Kamlesh Kumar Singh
Deptt. of Sociology
Banaras Hindu University
M.N. - 09369240262, 09026399178
“All Muslims may not be terrorists, but all terrorists are Muslims”. This comment, frequently heard after the Mumbai bomb blasts implies that terrorism is a Muslim specialty, if not a monopoly. The facts are very different.
First there is nothing new about terrorism.
The term terrorism derives from the Latin verb terrere, "to cause to tremble or quiver." It began to be used during the French Revolution, and especially after the fall of Robespierre and the "Reign of Terror”, or simply "The Terror" in which enemies of the Revolution were subjected to imprisonment, torture, and beheading, the first of many modern example of state terrorism. Sociologically, terrorist groups often recruit disaffected and alienated individuals, often motivated by strong ideologies like nationalism or religion to commit terrorist acts. These in turn generate societal fear and exacerbate conflicts and hatred within the social fabric.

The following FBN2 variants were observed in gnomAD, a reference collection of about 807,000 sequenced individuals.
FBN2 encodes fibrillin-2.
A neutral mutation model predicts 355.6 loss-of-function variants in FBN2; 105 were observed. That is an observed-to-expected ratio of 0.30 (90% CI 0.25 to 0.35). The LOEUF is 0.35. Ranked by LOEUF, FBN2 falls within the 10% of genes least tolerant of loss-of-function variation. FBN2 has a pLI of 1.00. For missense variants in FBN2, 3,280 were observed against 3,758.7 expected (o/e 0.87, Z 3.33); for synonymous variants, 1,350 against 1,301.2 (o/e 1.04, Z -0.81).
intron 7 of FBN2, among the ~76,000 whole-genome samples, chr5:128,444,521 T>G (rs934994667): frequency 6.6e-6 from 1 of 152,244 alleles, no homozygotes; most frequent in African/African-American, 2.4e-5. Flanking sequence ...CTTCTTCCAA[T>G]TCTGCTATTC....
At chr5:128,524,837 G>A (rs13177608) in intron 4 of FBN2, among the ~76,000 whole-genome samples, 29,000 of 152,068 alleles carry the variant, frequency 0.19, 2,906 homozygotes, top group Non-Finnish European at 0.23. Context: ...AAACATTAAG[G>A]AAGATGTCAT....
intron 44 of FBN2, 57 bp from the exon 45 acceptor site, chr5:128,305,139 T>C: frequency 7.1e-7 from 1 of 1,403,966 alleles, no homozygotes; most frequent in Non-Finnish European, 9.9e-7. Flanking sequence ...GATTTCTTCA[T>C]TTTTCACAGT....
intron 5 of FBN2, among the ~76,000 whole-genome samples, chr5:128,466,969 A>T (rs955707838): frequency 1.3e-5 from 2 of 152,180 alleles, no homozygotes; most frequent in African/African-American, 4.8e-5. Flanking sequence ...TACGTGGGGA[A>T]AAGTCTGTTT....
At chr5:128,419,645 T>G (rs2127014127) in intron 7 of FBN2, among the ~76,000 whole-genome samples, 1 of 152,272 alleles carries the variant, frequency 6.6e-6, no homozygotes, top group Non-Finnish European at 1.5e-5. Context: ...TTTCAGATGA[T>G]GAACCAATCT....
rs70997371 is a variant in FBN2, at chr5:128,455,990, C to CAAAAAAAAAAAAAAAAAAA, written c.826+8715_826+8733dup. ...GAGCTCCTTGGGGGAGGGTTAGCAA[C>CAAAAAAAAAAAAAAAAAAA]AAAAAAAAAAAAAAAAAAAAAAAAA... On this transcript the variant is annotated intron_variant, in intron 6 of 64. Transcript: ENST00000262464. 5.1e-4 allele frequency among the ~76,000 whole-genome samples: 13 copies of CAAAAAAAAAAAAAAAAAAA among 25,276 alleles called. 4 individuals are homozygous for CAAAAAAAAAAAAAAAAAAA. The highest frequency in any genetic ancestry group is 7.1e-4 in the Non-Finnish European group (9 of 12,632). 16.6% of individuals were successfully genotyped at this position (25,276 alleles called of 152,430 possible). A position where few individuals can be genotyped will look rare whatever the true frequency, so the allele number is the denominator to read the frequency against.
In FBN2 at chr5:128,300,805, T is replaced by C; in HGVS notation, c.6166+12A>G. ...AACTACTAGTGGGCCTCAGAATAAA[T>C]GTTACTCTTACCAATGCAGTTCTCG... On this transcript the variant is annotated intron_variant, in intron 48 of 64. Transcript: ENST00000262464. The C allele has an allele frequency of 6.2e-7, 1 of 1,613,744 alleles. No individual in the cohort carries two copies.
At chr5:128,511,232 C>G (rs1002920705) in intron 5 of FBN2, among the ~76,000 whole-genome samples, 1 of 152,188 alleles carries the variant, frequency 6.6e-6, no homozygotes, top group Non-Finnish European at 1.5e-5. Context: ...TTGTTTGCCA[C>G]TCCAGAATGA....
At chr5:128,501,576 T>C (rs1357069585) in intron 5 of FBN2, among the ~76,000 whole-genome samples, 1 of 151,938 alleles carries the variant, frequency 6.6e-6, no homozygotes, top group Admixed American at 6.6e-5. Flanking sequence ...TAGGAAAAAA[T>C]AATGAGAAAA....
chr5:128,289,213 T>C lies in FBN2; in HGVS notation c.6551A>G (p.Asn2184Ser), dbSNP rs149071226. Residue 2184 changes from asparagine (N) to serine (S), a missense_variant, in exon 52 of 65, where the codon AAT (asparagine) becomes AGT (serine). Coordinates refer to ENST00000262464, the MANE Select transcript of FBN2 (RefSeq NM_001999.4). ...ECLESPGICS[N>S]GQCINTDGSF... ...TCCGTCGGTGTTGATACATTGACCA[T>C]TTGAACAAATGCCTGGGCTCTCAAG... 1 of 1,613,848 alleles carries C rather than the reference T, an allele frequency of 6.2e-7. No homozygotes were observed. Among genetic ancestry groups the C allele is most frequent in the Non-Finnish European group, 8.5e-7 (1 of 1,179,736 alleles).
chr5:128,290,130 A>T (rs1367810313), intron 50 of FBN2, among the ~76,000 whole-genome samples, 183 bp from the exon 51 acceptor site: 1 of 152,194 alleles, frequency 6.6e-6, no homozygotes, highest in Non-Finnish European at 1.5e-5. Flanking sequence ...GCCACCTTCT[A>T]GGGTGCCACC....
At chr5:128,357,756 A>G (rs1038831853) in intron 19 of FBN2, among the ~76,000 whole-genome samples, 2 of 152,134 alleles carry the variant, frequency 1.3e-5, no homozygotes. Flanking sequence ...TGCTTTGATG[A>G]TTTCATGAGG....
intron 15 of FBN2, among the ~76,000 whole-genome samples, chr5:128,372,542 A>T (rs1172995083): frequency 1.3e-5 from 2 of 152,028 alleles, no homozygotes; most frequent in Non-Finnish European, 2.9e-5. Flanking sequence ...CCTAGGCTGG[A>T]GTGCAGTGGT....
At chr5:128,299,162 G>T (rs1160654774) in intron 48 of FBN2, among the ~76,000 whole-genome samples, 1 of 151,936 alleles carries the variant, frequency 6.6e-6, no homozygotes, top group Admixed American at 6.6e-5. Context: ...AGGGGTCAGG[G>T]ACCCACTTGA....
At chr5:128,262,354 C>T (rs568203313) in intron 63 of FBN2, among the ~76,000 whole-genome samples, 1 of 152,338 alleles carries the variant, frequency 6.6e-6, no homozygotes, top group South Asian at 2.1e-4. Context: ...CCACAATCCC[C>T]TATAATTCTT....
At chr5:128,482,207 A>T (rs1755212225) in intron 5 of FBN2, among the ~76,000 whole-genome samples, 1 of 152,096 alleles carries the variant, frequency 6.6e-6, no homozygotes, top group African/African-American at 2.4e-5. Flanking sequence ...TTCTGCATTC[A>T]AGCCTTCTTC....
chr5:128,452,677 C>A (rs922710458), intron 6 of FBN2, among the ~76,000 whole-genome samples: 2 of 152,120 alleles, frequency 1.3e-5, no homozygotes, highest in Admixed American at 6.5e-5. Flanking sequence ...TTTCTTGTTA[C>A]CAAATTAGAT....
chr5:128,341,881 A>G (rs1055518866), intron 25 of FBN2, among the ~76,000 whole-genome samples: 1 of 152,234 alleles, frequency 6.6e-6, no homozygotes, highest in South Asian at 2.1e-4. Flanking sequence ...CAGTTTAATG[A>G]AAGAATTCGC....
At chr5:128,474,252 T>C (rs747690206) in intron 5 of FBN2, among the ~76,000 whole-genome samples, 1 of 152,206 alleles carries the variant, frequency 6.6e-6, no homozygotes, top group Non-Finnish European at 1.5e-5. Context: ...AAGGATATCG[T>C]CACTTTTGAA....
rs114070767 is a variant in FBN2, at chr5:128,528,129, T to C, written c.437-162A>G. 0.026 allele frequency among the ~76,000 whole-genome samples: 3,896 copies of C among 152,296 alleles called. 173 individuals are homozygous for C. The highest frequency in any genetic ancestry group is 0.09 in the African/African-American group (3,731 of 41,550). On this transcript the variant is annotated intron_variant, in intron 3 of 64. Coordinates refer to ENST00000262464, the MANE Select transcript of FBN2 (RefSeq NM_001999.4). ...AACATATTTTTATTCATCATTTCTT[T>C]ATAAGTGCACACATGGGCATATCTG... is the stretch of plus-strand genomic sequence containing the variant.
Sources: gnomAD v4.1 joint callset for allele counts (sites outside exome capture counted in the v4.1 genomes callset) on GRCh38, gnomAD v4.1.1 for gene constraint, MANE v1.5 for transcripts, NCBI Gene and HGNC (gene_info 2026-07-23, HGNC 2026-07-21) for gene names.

Terrorism is generally defined as the killing of civilians for political reasons. Going by this definition, the British Raj referred to Bhagat Singh, Chandra Shekhar Azad and many other Indian freedom fighters as terrorists. These were Hindu and Sikh rather than Muslim.
In 1881, anarchists killed the Russian Tsar Alexander II and 21 bystanders. In 1901, anarchists killed U.S. president McKinley as well as king Humbert I of Italy. World War I started in 1914 when anarchists killed Archduke Ferdinand of Austria. These terrorist attacks were not Muslim.
Guerrilla Fighters from Mao Zedong to Ho Chi Menh and Fidel Castro killed civilians during their revolutionary campaigns. They too were called terrorists until they triumphed. Nothing Muslim about them.
In Palestine, after world war second II, Jewish groups (The Haganah, Irgun,...